Relationship between requirement to stop during a six-minute walk test and health-related quality of life, physical activity and physical performance amongst people with intermittent claudication

Golledge, Jonathan, Yip, Lisan, Fernando, Malindu E., Pinchbeck, Jenna, Rowbotham, Sophie, Jenkins, Jason, and Leicht, Anthony (2021) Relationship between requirement to stop during a six-minute walk test and health-related quality of life, physical activity and physical performance amongst people with intermittent claudication. Annals of Vascular Surgery, 76. pp. 363-369.

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Abstract

Aim: A simple objective test is required to identify people with impaired physical aspects of health-related quality of life (QOL) due to intermittent claudication. This study assessed the relationship of QOL, function and physical activity to the need to stop during a six-minute walking test (6MWT) amongst people with intermittent claudication. Method: This was a prospective case-control study conducted at two centers in Australia. 173 participants with a history of intermittent claudication and peripheral artery disease diagnosed by ankle brachial pressure index <0.9, completed two 6MWTs one week apart. QOL was assessed with the short form (SF)-36. Physical activity was assessed by an accelerometer to record step count, stepping time and energy expenditure over 7 days. Physical performance was assessed by the Short Physical Performance Battery (SPPB) test. The associations of the need to stop at least once during the 6MWT with QOL, function and activity were assessed using Mann Whitney U test and analysis of covariates. Results: Participants that had to stop at least once during the two 6MWTs (46; 26.6%) had significantly lower scores for three of the domains (physical functioning, role-physical and bodily pain) and the physical component summary (PCS) measure of the SF-36 compared to those who did not need to stop (n = 127; 73.4%). After adjusting for the risk factor co-variates (diabetes, hypertension and ankle brachial pressure index) which were significantly unequally distributed, needing to stop during the 6MWTs was significantly associated with a lower PCS score (adjusted mean 36.5, standard error 0.8 vs. 30.5, standard error 1.3; F = 14.0; P < 0.001; partial eta squared 0.077). Participants that had to stop at least once during the two 6MWTs had significantly lower 7-day step count, time stepping and energy expenditure, but not total SPPB score, compared to those who did not need to stop. Conclusions: Needing to stop during a 6MWT identified participants with intermittent claudication with poorer QOL and less physical activity compared to those that do not need to stop.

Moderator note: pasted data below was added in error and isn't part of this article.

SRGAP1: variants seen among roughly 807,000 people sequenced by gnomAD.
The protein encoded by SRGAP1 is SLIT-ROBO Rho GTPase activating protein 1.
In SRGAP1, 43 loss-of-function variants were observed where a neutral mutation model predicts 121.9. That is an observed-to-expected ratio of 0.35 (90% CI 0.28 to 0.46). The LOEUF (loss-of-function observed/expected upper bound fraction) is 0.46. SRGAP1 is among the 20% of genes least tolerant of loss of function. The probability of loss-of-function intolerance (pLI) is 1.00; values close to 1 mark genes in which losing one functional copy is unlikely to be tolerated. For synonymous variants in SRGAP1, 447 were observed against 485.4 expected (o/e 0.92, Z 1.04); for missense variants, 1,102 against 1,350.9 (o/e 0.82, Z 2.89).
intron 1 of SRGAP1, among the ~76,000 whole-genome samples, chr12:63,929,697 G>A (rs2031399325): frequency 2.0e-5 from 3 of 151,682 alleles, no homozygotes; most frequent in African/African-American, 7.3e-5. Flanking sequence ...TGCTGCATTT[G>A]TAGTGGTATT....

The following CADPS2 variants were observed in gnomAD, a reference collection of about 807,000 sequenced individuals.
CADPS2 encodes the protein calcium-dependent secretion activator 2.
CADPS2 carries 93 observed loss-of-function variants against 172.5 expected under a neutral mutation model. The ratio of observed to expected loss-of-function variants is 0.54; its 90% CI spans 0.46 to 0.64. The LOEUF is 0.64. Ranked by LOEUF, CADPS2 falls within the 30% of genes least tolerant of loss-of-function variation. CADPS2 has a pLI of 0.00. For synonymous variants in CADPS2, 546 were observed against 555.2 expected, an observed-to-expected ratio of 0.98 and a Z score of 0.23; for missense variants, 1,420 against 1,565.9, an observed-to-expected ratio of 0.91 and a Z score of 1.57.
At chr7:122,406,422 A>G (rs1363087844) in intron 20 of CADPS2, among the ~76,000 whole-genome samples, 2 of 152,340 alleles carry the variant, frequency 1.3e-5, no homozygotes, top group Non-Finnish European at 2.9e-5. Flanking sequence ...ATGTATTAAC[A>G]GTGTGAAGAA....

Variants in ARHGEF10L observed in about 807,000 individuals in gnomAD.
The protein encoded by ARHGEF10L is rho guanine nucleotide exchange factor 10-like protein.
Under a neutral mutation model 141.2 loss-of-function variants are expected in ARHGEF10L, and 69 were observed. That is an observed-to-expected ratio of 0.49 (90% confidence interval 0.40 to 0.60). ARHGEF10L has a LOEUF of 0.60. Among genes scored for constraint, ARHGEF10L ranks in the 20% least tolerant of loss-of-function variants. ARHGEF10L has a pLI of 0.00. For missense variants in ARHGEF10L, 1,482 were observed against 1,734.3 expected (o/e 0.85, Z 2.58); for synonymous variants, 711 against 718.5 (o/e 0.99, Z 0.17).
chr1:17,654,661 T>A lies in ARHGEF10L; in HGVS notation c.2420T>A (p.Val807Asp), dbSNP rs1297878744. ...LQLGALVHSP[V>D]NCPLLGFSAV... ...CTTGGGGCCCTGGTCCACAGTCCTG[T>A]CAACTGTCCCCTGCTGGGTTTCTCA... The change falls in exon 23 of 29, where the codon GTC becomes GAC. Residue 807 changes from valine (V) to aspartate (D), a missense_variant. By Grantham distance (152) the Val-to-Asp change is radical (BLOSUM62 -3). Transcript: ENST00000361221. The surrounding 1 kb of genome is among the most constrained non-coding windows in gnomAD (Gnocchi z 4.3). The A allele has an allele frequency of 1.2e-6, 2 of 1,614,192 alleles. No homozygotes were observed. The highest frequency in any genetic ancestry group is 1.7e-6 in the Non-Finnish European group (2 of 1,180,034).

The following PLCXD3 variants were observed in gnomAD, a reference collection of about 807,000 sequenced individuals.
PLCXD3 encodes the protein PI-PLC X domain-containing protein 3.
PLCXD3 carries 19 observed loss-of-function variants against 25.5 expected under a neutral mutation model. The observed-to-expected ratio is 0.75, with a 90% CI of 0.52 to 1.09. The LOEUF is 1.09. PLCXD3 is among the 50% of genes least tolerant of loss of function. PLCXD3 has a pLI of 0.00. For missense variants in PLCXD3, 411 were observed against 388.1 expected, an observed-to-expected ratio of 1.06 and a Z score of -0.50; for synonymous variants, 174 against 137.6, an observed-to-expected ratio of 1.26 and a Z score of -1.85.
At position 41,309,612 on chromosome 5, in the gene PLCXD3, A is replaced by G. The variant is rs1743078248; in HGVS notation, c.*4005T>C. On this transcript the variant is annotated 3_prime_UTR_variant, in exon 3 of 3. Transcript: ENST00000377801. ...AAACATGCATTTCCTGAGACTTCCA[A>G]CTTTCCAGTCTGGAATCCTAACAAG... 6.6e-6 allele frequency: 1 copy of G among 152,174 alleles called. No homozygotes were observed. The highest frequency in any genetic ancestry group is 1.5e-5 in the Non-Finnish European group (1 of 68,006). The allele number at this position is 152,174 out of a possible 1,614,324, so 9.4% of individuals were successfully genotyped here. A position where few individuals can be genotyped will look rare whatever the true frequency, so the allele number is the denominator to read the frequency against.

Item ID: 70707
Item Type: Article (Research - C1)
ISSN: 1615-5947
Copyright Information: © 2021 Elsevier Inc. All rights reserved
Funders: National Health and Medical Research Council (NHMRC), Townsville Hospital and Health Service Private Practice Research and Education Trust Fund, Queensland Government (QG)
Projects and Grants: NHMRC practitioner fellowship 1117061, NHMRC Grant No. 1063476, QG Queensland Government Senior Clinical Research Fellowship
Date Deposited: 07 Feb 2022 01:40
FoR Codes: 32 BIOMEDICAL AND CLINICAL SCIENCES > 3201 Cardiovascular medicine and haematology > 320101 Cardiology (incl. cardiovascular diseases) @ 70%
42 HEALTH SCIENCES > 4207 Sports science and exercise > 420702 Exercise physiology @ 30%
SEO Codes: 20 HEALTH > 2004 Public health (excl. specific population health) > 200407 Health status (incl. wellbeing) @ 50%
20 HEALTH > 2001 Clinical health > 200199 Clinical health not elsewhere classified @ 50%
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